As the final days of the season approach for A Forest of Hooks and Nails we caught up with exhibiting artists Phoebe Clarke, Zev Weinstein and Maxxi Minaxi May to learn more about the works they created, and what aspects of Fremantle Arts Centre and exhibition install sparked their curiosity.
Phoebe Clarke is a Perth-based visual artist. Her practice is multidisciplinary, but Phoebe’s passion lies with making installation sculpture, driven by materiality. Having worked on FAC’s install crew for three years, Phoebe was torn how to approach the brief for A Forest of Hooks and Nails – there were so many possibilities!
In the end, she grasped the opportunity to work on a large scale, creating two new works – an installation which involved cladding one of the fireplaces in the Main Gallery entirely in felt, and a group of hanging textile works.
Both works reflect on FAC’s building and the many lives it has lived since being built in the 1890s. It was an asylum, a women’s home and a naval base before eventually being re-purposed as an arts centre. Her works elegantly position those uses as different skins, or different lenses through which to view the space.
When asked how to describe his practice Zev Weinstein responded that, “I take weird photos and spend lots of time splashing around in the ocean.” It’s a modest response considering he studied photography and contemporary art at ECU and is widely considered a skilled photographer.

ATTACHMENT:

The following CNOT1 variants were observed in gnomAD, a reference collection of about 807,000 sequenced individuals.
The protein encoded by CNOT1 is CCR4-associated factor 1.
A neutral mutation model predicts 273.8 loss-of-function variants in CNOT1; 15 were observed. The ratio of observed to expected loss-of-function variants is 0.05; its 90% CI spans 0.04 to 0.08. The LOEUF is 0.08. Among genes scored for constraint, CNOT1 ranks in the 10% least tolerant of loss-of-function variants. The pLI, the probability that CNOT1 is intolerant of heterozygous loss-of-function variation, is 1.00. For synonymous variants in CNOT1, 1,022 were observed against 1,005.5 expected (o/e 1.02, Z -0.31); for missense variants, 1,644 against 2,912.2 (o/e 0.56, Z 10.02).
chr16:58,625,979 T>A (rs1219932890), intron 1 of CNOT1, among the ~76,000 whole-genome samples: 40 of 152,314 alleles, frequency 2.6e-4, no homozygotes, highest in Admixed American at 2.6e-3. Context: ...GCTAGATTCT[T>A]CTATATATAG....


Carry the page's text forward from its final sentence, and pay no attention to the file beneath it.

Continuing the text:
For A Forest of Hooks and Nails, Zev drew from his family history and personal memories, while responding to the recent Fremantle Arts Centre exhibition Orange: Sannyas in Fremantle (2017). Zev’s parents were connected with the Rajneesh movement in Oregon and Puna.
To create his audio-visual installation Zev photographed family objects including his father’s mala, combining his photographs with found imagery and personal archival material. The mesmerising results fulfil Zev’s wish to create an aesthetic and explore a feeling, rather than make a political judgement.
Maxxi Minaxi May
Process is very important to Maxxi Minaxi May’s work. The multi-disciplinary artist works with sculpture, mixed-media, printmaking and installation, playing with the relationships between the industrial and the everyday.
Maxxi’s series of small sculptures in A Forest of Hooks and Nails display her trademark playfulness and use of colour.
After brainstorming works that related to install, tools and FAC itself, Maxxi finally settled on the use of rulers. Available in so many shapes and forms, the rulers in these works no longer function as measuring devices but have become tools of form and structure. Colour and pattern were brought to life when lighting was introduced, another vital element of install. The refracting light is almost like a drawing projected onto the walls of the galleries.
Follow the Artists for more!
A Forest of Hooks and Nails closes 5pm Sunday 14 March. Free entry
Top image: Phoebe Clarke, A breath felt, 2021, felt, fire bellow, video with sound, dimensions variable. Photography by Rebecca Mansell